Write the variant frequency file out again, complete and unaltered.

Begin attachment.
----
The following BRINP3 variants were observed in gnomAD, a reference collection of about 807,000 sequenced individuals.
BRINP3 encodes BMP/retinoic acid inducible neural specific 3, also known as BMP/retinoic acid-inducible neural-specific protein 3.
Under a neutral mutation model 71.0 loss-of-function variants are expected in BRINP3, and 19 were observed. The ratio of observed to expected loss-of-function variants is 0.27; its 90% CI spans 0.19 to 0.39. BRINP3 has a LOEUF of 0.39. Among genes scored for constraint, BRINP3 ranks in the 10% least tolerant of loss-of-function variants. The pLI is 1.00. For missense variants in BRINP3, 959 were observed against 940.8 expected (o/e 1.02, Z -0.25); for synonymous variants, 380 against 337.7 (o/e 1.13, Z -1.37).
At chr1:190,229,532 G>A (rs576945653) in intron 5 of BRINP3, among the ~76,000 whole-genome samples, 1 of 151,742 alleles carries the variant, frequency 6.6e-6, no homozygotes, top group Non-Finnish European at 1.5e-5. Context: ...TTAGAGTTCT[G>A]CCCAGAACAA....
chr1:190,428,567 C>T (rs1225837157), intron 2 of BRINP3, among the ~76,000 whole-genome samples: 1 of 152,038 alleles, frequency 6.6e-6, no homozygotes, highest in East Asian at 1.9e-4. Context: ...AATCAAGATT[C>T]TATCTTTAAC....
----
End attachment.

The following BRINP3 variants were observed in gnomAD, a reference collection of about 807,000 sequenced individuals.
BRINP3 encodes BMP/retinoic acid inducible neural specific 3, also known as BMP/retinoic acid-inducible neural-specific protein 3.
Under a neutral mutation model 71.0 loss-of-function variants are expected in BRINP3, and 19 were observed. The ratio of observed to expected loss-of-function variants is 0.27; its 90% CI spans 0.19 to 0.39. BRINP3 has a LOEUF of 0.39. Among genes scored for constraint, BRINP3 ranks in the 10% least tolerant of loss-of-function variants. The pLI is 1.00. For missense variants in BRINP3, 959 were observed against 940.8 expected (o/e 1.02, Z -0.25); for synonymous variants, 380 against 337.7 (o/e 1.13, Z -1.37).
At chr1:190,229,532 G>A (rs576945653) in intron 5 of BRINP3, among the ~76,000 whole-genome samples, 1 of 151,742 alleles carries the variant, frequency 6.6e-6, no homozygotes, top group Non-Finnish European at 1.5e-5. Context: ...TTAGAGTTCT[G>A]CCCAGAACAA....
chr1:190,428,567 C>T (rs1225837157), intron 2 of BRINP3, among the ~76,000 whole-genome samples: 1 of 152,038 alleles, frequency 6.6e-6, no homozygotes, highest in East Asian at 1.9e-4. Context: ...AATCAAGATT[C>T]TATCTTTAAC....